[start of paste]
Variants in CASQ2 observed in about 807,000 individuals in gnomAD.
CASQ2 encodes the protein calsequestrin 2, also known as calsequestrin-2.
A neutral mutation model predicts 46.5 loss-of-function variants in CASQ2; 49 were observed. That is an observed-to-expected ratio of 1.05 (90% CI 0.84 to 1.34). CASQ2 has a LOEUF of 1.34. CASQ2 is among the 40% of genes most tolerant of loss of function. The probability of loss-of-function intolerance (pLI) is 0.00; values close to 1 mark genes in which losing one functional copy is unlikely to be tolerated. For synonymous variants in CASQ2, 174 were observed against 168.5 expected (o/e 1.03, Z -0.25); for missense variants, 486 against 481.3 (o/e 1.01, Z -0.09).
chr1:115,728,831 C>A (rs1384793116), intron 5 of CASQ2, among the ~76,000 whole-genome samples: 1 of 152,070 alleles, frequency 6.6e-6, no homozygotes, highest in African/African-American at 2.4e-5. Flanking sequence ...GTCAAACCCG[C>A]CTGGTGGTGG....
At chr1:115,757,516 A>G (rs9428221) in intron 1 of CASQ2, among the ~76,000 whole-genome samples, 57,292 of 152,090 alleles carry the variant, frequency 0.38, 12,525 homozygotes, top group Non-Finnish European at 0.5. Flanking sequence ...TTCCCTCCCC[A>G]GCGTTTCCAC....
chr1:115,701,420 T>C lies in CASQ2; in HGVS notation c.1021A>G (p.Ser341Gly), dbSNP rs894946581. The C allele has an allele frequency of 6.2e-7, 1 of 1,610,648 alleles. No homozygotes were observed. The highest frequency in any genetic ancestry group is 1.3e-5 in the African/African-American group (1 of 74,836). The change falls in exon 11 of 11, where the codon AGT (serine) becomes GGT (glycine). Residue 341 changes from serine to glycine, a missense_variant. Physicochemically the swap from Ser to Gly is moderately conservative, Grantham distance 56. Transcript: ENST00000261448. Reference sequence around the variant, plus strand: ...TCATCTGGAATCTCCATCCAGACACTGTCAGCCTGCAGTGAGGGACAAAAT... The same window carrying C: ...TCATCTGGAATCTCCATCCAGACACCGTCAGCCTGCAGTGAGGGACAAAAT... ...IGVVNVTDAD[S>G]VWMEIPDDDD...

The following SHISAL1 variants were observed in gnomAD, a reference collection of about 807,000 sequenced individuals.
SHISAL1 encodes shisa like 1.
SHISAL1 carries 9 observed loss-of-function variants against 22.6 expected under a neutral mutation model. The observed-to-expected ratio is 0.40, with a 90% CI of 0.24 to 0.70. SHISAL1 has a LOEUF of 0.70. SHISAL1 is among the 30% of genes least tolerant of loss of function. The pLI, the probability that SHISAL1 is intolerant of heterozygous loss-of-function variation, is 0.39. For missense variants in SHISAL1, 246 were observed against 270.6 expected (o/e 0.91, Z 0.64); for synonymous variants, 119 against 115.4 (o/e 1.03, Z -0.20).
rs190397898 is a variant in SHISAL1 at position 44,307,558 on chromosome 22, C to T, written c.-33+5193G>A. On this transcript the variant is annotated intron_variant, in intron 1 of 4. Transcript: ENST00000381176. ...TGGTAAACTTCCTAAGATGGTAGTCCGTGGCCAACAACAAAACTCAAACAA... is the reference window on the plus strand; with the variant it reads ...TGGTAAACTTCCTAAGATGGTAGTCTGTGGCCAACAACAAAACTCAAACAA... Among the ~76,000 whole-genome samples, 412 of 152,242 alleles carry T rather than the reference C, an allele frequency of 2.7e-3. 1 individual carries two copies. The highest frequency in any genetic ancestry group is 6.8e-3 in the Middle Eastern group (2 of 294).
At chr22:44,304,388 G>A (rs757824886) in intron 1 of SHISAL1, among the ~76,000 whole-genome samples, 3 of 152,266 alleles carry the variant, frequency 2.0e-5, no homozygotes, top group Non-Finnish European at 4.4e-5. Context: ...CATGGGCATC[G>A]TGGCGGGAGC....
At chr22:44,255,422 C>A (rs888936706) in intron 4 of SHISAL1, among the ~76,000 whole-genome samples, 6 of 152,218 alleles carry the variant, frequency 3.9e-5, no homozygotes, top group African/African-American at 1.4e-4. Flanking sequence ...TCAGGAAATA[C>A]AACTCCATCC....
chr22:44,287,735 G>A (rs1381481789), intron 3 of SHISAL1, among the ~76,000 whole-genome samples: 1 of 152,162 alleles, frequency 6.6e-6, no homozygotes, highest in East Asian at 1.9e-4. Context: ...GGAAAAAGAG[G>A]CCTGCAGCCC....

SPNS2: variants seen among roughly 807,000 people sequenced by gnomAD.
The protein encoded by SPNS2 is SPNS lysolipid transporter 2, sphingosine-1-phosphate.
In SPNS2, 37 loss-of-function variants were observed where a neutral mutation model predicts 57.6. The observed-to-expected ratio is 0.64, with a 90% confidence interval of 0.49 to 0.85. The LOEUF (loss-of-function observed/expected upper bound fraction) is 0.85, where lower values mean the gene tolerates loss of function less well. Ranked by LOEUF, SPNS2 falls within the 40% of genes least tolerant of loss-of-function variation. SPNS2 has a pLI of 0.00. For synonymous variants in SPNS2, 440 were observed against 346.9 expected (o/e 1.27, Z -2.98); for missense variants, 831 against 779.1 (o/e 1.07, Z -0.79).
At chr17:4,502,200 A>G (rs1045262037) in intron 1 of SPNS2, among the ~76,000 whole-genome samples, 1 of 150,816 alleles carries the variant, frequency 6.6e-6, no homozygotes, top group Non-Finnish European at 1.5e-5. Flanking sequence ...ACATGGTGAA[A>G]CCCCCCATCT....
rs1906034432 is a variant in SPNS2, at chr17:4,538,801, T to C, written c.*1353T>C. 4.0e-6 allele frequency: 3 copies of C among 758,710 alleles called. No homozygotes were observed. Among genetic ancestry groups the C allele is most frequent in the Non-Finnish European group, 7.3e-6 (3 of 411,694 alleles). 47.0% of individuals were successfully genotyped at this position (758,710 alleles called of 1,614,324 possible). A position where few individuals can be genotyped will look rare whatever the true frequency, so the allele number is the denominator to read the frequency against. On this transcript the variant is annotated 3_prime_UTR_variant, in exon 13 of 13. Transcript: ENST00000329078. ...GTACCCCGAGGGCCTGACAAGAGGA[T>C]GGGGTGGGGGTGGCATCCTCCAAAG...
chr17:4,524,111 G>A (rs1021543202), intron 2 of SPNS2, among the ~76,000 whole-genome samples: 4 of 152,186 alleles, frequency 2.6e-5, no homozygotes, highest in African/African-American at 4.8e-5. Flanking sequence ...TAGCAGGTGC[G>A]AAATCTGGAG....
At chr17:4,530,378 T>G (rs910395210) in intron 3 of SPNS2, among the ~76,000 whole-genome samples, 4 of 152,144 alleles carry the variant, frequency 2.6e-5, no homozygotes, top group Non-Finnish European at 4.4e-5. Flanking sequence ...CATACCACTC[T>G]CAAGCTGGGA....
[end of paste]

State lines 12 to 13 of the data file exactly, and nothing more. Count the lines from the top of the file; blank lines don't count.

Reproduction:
At chr22:44,255,422 C>A (rs888936706) in intron 4 of SHISAL1, among the ~76,000 whole-genome samples, 6 of 152,218 alleles carry the variant, frequency 3.9e-5, no homozygotes, top group African/African-American at 1.4e-4. Flanking sequence ...TCAGGAAATA[C>A]AACTCCATCC....
chr22:44,287,735 G>A (rs1381481789), intron 3 of SHISAL1, among the ~76,000 whole-genome samples: 1 of 152,162 alleles, frequency 6.6e-6, no homozygotes, highest in East Asian at 1.9e-4. Context: ...GGAAAAAGAG[G>A]CCTGCAGCCC....